04/05/2012 03:04 pm ET Updated Jun 05, 2012

On Being an American, or Dykes Are Always Foreign

I've lived in New York for almost 20 years, with a four-year gap that I spent in Paris. I liked Paris.There's something comforting about being a foreigner in a place where you really are one.

Identity is so relative. Growing up in Louisville, I was from that redneck neighborhood behind Seneca High. When I went to school in Lexington, I was suddenly that girl from Louisville. When I lived in Ohio, I was a Kentucky hayseed. And when I moved to New York I suddenly represented all of the American South and people would check my head to see if there were slight horns emerging.

In Paris, I got used to being an American. The whole country was mine and all of its people. George W. Bush was my president and I was responsible in part for the national embarrassments of the Iraq War and Abu Ghraib, his nose-thumbing at the Kyoto Treaty.

I didn't play the "good" American game, claim, "I didn't vote for the guy. I have nothing to do with it." The place had shaped me, after all. Even if some days bad things tip the balance, some days the good. My Cuban girlfriend, for instance, admires the U.S. Constitution and is pissed off we're using it for toilet paper. But at least we have one. When shitty things happen, we can protest them in the street. Write articles.

I got in the habit of looking at the U.S. as a whole, seeing my life as part of the American narrative. So when I sat down a couple of years ago and started writing a book of memoirs, I believed I was inserting myself in its history. I wasn't just a street activist in New York, but a participant in the larger trend of the Culture Wars of the 1990s when the left took on the likes of Pat Robertson and Newt Gingrich who were busy blasting bra-burners and tree-huggers and an assortment of other minorities. Pretty much like today.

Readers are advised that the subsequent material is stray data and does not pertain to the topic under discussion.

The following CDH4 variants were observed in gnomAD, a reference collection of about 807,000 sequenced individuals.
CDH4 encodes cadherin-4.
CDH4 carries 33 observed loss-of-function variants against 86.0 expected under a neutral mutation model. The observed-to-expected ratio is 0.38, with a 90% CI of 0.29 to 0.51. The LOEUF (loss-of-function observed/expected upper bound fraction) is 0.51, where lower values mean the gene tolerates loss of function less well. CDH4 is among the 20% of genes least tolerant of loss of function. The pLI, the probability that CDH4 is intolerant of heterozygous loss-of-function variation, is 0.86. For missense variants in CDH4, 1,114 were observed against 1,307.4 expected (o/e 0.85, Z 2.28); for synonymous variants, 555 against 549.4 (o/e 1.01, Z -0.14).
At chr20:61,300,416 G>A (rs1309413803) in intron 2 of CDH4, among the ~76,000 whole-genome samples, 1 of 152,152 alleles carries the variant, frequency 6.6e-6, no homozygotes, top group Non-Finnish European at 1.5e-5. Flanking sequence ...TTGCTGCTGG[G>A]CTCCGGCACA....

When I started writing about how I co-founded an online magazine to kick off the new millennium, I saw myself as part of the global wave of new media pioneers exploring the potential of the Internet. Is it just about sharing information? How can we use it to inspire activism? Can we make powerless people more visible, give them a voice?

Trying to figure out my world, I read Thoreau and Whitman and Adrienne Rich, James Baldwin and Audre Lorde. Along with Camus and Virginia Woolf and Oscar Wilde, too, who had a lot more to say than I imagined about social change. I pretended I was an American who had something important to say about the country that gave birth to me, and shaped me.

I admit now, the whole idea was insane. Including calling my memoir Eating Fire: My Life as a Lesbian Avenger. I must've used the word lesbian half a dozen times. Thankfully, the first agent that responded set me straight. She said I sounded amazing, but should apply directly to a press that specialized in lesbian writing. This thing could never go mainstream.

I suddenly wasn't an American anymore. Not the equivalent of a straight guy writing about his Occupy Wall Street exploits, or some drunk writer getting revelations right and left on a long road trip. I was a lesbian. An exile. What an embarrassment to have forgotten.

Maybe it's because I've been under a lot of stress lately, or maybe it was that blow to the head last week. I was bending down to grab something, and when I straightened up cracked my skull against the corner of a table. You can still feel the dent. That's the only reason I could have been so unself-conscious when I sat down to write my pitch. As if we really were equal. We can join the military for crissake! Ellen has a talk show! So does Rachel!!!!!!!! Everything's peachy keen.

But legal rights aren't everything. And when it comes to social change, a handful of visible queers are just the tip of an iceberg that doesn't show many signs of melting. Not when my cousin still talks about loving people like me despite our "lifestyles." Using the word lesbian, lesbian, lesbian means you can never be a citizen of anything except Queer Nation. And even that has barbed wire and armed guards on the border to keep out dykes.

If I want to be an American, I suppose I can always go back to France.